Although uncertainty is trending, one thing we can be sure of is that Outsiders everywhere are on the rise. In general, they are a broad alignment of people across all parties and factions who share a love of common sense and find themselves more consequential to politics now than they have been for some time. Perhaps they find themselves on the Left, but feel isolated due to the dogma of political correctness and identity politics. Or they are of the Right and have become angry with the authoritarian Insiders who appear to restrict personal freedoms. Either way, they are all members of what the late Christopher Pearson might have termed ‘Club Sensible’. While major parties appear to fragment and shrink in these changing times, Club Sensible’s membership base steadily grows.

via Engineering Club Sensible | The Spectator

I think she’s on to something here. That map at the top of the page, is about as red as I’ve ever seen, and overwhelmingly, the red parts are where people deal with the real world, you know the one where reality rules and good intentions don’t cut it.

Will Trump fix the world? No. But he may well drain at least some of the swamp, although that might anger some of the alligators that are up to our ass. We all know it out here, “No good deed goes unpunished,” we say. That’s all right, we also say, “What must be done, will be done.”

And so far, from the quality of the people he is picking, well, I’m very encouraged. It looks to me like he is picking some of the best of America, and that is the mark of the first-rate leader. That’s something that every grunt on a job site or enlisted soldier knows, but a whole lot of officers forget when they get stars in their eyes. But not all of them.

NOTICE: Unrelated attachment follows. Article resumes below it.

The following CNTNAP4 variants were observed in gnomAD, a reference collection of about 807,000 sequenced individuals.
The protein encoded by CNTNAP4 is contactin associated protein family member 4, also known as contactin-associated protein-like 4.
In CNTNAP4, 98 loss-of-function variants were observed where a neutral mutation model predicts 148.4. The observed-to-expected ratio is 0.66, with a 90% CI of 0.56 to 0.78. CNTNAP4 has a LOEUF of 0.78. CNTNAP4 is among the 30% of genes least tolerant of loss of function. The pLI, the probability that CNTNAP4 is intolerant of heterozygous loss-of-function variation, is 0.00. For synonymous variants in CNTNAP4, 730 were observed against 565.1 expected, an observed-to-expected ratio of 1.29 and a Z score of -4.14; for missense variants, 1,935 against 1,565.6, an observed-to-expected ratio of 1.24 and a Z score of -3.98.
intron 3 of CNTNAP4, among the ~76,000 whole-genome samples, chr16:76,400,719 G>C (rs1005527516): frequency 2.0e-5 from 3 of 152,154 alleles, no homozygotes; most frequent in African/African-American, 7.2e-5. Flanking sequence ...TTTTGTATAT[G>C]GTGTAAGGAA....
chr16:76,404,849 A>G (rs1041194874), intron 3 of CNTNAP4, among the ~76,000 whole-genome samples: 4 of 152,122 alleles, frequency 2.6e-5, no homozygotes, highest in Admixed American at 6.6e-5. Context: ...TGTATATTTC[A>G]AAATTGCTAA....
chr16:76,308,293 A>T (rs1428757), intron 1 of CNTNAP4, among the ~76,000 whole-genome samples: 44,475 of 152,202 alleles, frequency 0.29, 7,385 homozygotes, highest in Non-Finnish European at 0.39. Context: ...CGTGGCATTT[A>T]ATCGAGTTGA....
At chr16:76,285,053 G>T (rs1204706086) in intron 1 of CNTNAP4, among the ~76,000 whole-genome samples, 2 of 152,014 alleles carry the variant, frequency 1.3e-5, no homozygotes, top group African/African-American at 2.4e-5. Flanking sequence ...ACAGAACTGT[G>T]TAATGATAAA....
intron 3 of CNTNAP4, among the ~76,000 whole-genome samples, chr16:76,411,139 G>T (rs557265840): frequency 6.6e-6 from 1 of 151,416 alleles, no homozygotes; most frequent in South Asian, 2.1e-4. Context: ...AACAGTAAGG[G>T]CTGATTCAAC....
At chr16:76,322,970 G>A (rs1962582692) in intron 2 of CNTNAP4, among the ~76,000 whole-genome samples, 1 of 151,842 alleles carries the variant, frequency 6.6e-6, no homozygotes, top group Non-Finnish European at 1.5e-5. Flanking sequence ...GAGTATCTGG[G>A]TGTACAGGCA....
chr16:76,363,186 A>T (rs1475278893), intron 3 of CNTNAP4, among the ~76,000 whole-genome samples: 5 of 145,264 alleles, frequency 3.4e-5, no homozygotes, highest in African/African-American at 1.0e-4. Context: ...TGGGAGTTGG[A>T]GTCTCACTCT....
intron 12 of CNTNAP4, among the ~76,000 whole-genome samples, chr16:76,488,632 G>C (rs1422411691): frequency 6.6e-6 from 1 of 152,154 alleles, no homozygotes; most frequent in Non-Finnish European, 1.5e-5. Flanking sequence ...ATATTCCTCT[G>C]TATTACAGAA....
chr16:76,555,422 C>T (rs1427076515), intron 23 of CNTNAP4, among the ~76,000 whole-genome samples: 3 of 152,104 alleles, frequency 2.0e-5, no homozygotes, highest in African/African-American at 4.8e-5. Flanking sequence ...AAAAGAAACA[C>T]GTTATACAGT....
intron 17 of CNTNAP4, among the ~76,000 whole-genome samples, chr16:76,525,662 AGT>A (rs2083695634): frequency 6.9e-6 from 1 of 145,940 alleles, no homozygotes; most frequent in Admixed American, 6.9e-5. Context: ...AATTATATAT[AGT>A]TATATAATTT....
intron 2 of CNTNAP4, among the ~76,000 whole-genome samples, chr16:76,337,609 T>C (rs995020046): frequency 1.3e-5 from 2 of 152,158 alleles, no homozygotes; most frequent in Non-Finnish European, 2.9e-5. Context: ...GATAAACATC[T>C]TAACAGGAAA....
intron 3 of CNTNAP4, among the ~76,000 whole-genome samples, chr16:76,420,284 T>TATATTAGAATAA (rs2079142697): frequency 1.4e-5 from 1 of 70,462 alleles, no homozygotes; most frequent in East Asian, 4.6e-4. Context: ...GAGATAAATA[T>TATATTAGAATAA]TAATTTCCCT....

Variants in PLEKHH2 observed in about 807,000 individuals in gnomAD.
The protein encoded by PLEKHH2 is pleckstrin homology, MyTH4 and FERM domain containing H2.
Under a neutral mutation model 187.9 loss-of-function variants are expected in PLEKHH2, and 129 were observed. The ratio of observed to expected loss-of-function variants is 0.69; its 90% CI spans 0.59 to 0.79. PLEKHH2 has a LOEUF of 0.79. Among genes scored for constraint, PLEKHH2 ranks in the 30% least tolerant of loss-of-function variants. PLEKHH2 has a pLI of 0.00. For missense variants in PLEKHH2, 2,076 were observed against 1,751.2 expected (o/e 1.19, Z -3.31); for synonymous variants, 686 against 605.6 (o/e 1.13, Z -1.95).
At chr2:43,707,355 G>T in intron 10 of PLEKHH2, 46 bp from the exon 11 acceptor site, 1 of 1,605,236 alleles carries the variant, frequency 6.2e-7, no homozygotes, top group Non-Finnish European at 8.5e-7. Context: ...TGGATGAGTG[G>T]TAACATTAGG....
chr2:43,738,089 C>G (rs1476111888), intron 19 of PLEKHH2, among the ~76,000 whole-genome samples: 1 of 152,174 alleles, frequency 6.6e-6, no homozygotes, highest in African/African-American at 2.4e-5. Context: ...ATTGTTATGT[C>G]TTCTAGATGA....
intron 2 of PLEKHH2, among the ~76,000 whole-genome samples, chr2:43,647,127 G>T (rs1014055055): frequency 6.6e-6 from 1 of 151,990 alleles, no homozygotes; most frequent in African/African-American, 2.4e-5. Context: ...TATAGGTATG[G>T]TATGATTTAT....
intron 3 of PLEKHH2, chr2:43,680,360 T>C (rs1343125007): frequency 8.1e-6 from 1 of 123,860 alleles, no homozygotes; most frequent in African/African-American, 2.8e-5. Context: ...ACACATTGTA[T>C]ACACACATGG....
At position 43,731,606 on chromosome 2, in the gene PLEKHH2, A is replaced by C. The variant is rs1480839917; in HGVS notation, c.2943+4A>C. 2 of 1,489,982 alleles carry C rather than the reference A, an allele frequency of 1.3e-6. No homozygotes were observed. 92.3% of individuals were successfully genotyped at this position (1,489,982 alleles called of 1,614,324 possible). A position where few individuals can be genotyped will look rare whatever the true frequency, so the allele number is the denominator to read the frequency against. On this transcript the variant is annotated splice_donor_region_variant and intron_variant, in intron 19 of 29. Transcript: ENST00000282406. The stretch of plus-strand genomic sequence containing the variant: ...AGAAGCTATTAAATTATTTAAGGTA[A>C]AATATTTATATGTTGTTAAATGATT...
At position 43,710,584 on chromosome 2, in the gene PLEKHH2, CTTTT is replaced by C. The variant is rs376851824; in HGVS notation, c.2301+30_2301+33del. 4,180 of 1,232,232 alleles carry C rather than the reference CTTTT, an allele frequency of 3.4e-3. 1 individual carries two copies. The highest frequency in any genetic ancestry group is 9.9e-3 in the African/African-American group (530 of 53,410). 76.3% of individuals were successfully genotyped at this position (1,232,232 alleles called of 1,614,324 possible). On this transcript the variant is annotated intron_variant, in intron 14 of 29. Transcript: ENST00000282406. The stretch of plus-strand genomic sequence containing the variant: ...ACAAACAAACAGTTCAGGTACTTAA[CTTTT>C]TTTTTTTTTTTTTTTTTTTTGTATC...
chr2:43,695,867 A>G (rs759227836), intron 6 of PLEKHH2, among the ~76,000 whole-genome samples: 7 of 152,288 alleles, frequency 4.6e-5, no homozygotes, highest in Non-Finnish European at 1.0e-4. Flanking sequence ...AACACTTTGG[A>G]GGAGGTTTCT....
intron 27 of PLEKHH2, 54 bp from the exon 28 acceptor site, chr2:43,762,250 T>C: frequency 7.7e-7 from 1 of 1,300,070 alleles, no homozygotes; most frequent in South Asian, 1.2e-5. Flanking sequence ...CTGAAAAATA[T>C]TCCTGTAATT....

There’s a reason why 3d US Army had the fewest casualties while conquering the most ground back there in 1944. It was called “Lucky”. If I was an opponent of America’s, I would be praying very hard, because I think its new name may well be ‘Chaos’.

We’ve also been known to say with Jim Lovell, “There are people who make things happen, there are people who
watch things happen, and there are people who wonder what happened. To be successful, you need to be a person who makes things happen.”

bad-decisions

Enough Said

 

And remember, always

It is the Soldier

It is the soldier, not the reporter,
Who has given us freedom of the press.
It is the soldier, not the poet,
Who has given us freedom of speech.
It is the soldier, not the campus organizer,
Who has given us the freedom to demonstrate.
It is the soldier,
Who salutes the flag,
Who serves beneath the flag,
And whose coffin is draped by the flag,
Who allows the protester to burn the flag.
Father Denis Edward O’Brien, USMC

100 Days and Firing Squads

In case you missed it, PE Trump called a meeting with some of the major media figures and unloaded some truth on them. Needless to say, they didn’t like it. Well, one gets to lie in the bed one makes, and Trump, like many of us, is apparently tired of being lied about. Bill Whittle had something to say about it, as well.

Here, listen to the man, not the spin.

Nothing here that troubles me in the least, nor is there anything extra-legal. Too often our leadership has forgotten that the primary purpose of the US Government is to defend and support the United States. Trump seems to understand that.

Soon we will speak here of the people he has asked to join him in the government, while some would not be my choices, they look to me like a very strong team. In fact, they echo the old canard, “First-rate men hire the best men they can find, second-rate men hire third-rate men, and third-rate men hire lackeys who tell them what they want to hear. More to come on this, and soon.

 

Veteran’s Day

These are the men that have kept us free.

The Great War, of course, is when the United States made its debut as the great world power. From our entry in 1917 until today is fairly termed “The American Century” for as the Pax Britannica ended in 1914 and chaos ensued between the wars as we hid in our continent and from 1945 the Pax Americana has been in place.

It could be fairly said that the wars of the 20th Century were the “Wars of Freedom”, for more people have been freed from tyranny by the United States and our allies than at any other time in history.

The legend of American bravery is known worldwide, from the Marine sergeant, who lead the charge at the battle of Belleau Wood, who led the charge with the command, “Come on you sons-of-bitches, do you want to live forever.”( Noting that it is now “Bois de la Brigade de Marine“, in their honor) to General McAuliffe’s response to the German demand to surrender at Bastogne, “Nuts” to the Admiral Nimitz’s comment on Iwo Jima, “Uncommon valor was a common virtue.” Thus has been remarked the common bravery of American troops in every case in all the wars of these Planetary soldiers.